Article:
### Unit 3: Introduction to Number Theory and Proof Methods

In this unit, we will learn the properties of integers, real numbers, rational numbers, irrational numbers, and operations on all of these types of numbers. Our goal will be to learn how to determine the validity or falsity of a mathematical statement via a number of methods, including counterexample and exhaustion. We will apply these methods to not only prove the validity of the properties of the number types we are studying in this unit, but provide a practical approach to them so that future mathematical arguments can be proved or disproved using these methods.

**Completing this unit should take you approximately 11 hours.**

Upon successful completion of this unit, you will be able to:

- apply the rules of logic and proof techniques to mathematical statements involving odd and even, prime, rational, and irrational numbers; and
- prove and apply properties of divisibility.

### 3.1: Direct Proofs and Indirect Proofs

Read the opening discussion, "Proofs," Section 1, "The Axiomatic Method," and Sections 2 - 6, inclusive. In Unit 3, you will get a chance to apply a lot of what you have thought about and mastered in Units 1 and 2. Our domain of discourse is number theory, in particular proofs in elementary number theory.

Consider the following comparison of direct and indirect proofs. A direct proof is an argument that shows that the conclusion logically follows from the premises or assumptions by applying rules of inference in a sequence of steps.

Sections 1, 2, 4, and 5 deal with direct proofs. Section 2, "Proving an Implication," refers to statement such as P implies Q, and proving that Q is a consequence of P. In a logic system, P logically follows from the axioms and valid statements of the logic system, is another way of saying that P is a consequence of the axioms and valid statements or P is implied by them. This is what is meant by proving an implication.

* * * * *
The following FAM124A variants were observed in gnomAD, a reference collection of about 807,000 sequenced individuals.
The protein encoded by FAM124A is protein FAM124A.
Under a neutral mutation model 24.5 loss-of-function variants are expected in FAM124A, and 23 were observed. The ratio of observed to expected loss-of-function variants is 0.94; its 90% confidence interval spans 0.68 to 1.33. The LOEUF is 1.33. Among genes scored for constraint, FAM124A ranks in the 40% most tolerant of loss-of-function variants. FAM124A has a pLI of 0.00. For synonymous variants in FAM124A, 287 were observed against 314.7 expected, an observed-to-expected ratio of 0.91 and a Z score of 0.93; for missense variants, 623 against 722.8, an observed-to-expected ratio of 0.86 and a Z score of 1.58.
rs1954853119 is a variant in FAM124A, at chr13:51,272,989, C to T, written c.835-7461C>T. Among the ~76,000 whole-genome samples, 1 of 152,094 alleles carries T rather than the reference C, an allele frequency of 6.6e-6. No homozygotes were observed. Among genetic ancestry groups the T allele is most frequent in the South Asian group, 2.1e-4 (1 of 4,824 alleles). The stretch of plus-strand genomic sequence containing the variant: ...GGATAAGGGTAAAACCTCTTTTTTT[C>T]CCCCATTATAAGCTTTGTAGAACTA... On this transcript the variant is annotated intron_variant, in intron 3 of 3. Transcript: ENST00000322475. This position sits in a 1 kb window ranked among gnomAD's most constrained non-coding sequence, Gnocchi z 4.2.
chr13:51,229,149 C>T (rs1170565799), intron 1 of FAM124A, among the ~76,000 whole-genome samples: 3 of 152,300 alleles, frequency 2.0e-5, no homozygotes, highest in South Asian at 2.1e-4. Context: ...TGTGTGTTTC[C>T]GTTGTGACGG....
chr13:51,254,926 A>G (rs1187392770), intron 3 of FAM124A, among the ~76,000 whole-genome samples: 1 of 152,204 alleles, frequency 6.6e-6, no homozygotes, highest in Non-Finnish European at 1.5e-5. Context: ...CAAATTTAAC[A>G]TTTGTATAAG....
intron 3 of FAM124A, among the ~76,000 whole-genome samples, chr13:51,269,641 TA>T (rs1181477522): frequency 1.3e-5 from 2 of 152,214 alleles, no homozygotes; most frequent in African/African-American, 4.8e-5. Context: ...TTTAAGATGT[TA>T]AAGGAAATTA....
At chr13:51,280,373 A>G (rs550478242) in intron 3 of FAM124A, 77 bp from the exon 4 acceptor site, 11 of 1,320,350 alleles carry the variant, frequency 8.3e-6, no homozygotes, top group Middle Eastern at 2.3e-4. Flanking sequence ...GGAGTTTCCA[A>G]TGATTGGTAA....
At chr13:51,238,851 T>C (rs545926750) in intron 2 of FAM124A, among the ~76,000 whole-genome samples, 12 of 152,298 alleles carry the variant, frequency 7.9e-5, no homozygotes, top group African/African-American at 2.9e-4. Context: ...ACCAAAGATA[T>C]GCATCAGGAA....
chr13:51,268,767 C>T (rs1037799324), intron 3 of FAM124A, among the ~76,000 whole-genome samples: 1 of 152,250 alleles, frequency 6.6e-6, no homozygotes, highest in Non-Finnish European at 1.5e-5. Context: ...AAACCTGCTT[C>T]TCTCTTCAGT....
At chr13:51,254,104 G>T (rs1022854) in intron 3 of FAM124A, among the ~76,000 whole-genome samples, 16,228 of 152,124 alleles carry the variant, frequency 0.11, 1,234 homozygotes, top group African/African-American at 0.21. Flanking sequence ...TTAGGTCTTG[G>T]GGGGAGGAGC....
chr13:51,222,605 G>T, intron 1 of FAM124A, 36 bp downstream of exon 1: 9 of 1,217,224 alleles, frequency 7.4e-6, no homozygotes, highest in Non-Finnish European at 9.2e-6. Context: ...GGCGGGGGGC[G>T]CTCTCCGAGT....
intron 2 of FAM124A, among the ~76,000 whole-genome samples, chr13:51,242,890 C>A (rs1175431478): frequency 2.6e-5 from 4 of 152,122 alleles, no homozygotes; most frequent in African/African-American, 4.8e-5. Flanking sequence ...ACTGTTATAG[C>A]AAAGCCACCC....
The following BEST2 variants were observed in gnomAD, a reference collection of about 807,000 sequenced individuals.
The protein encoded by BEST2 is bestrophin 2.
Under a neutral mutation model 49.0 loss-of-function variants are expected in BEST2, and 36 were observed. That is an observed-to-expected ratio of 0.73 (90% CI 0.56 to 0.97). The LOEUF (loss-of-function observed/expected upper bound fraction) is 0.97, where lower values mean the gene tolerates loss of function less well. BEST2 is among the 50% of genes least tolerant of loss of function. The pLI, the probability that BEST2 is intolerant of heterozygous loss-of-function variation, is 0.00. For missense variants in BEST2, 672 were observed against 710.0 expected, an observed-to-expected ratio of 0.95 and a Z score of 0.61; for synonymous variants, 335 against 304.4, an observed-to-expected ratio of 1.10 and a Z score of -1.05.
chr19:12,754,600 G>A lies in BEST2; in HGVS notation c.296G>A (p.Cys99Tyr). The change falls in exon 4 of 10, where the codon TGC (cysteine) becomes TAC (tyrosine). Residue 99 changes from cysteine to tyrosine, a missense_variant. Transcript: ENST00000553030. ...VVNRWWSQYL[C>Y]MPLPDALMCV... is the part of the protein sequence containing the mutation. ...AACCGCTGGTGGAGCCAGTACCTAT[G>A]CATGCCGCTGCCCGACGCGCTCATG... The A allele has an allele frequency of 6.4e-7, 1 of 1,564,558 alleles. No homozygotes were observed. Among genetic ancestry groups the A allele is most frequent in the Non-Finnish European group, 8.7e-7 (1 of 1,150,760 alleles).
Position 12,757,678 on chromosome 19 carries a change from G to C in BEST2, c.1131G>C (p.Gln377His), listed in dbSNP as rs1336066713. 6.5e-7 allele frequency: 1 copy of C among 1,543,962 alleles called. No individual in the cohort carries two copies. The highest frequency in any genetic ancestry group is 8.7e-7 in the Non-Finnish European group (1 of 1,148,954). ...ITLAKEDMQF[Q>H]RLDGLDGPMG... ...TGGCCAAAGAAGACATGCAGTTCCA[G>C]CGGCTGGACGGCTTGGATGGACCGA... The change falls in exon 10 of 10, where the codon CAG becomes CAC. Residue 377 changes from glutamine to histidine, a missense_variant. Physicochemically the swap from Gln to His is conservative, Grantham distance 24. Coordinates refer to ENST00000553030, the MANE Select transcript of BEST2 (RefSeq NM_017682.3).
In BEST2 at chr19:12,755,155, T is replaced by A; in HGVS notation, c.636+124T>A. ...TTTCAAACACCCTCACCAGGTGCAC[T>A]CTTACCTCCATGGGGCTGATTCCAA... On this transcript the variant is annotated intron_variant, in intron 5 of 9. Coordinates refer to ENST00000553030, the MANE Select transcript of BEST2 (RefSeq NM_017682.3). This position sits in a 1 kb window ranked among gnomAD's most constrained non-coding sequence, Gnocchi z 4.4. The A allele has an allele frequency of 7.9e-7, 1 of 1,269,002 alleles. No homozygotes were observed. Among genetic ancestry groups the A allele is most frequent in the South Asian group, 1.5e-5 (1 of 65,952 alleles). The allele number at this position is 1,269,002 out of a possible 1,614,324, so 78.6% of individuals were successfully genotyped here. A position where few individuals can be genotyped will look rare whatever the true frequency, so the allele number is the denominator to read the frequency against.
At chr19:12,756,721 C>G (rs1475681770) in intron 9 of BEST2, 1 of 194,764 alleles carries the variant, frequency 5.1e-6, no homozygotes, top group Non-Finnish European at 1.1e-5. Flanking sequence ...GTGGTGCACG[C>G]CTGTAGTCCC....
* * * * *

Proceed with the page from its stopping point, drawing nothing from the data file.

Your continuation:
Section 3 is related to indirect proof. Section 6 discusses indirect proof, also known as proof by contradiction, directly. An indirect proof, in contrast, is a proof in which the theorem to be proved is assumed false, and from this assumption, it is shown that a contradiction follows. Because the logic system is consistent, i.e. there are no contradictions, the theorem must be true. (Two statements are contradictions when they cannot both be true, and they cannot both be false.)

Read example 1 through example 4 on pages SF-3 to SF-6. It discusses proofs for sets.

### 3.1.1: Odd and Even Numbers

Read Section 1 through example 1 on pages NT-1 and NT-2. There are several commonly used sets of numbers that will be introduced to you; the first is the set of odd and even integers, i.e. the set of integers.

### 3.1.2: Prime Numbers

Read Section 1 beginning at "Prime Numbers and Factorization" on page NT-3, and continue up to example 3 on page NT-4. Example 3 also applies to 3.1.4 and 3.2.2 below. Prime numbers are the next set of commonly used numbers to be introduced. The introduction of prime numbers leads to the discussion of factoring an integer.

### 3.1.3: Proving and Disproving Universal Statements

Statements often involve universal quantifiers. The following subunits examine ways used to prove or disprove such statements.

### 3.1.3.1: Proof by Using the Method of Exhaustion

Reread example 2 on page NT-2, with special attention to the proof method, called proof by induction (an exhaustive proof method). This reading discusses a universal statement, which is just a statement that involves universal quantification.

A statement may be provable by evaluating it or by manipulating the symbols using definitions, rules, and theorems to transform the statement to an equivalent statement. Use of truth tables to evaluate a statement is an example of the former. This is also an example of the Method of Exhaustion. If a Universal statement has a finite set for its bound variable (a variable that is quantified is bound and the set of values that it can take is its range or domain), then it can be proven by proving it for each value in the range of the bound variable. If the set is countable, a proof by induction may be applicable. Induction is studied in Unit 4 of this course. Equivalently, the Universal statement can be proved by showing that it is true for an arbitrary value.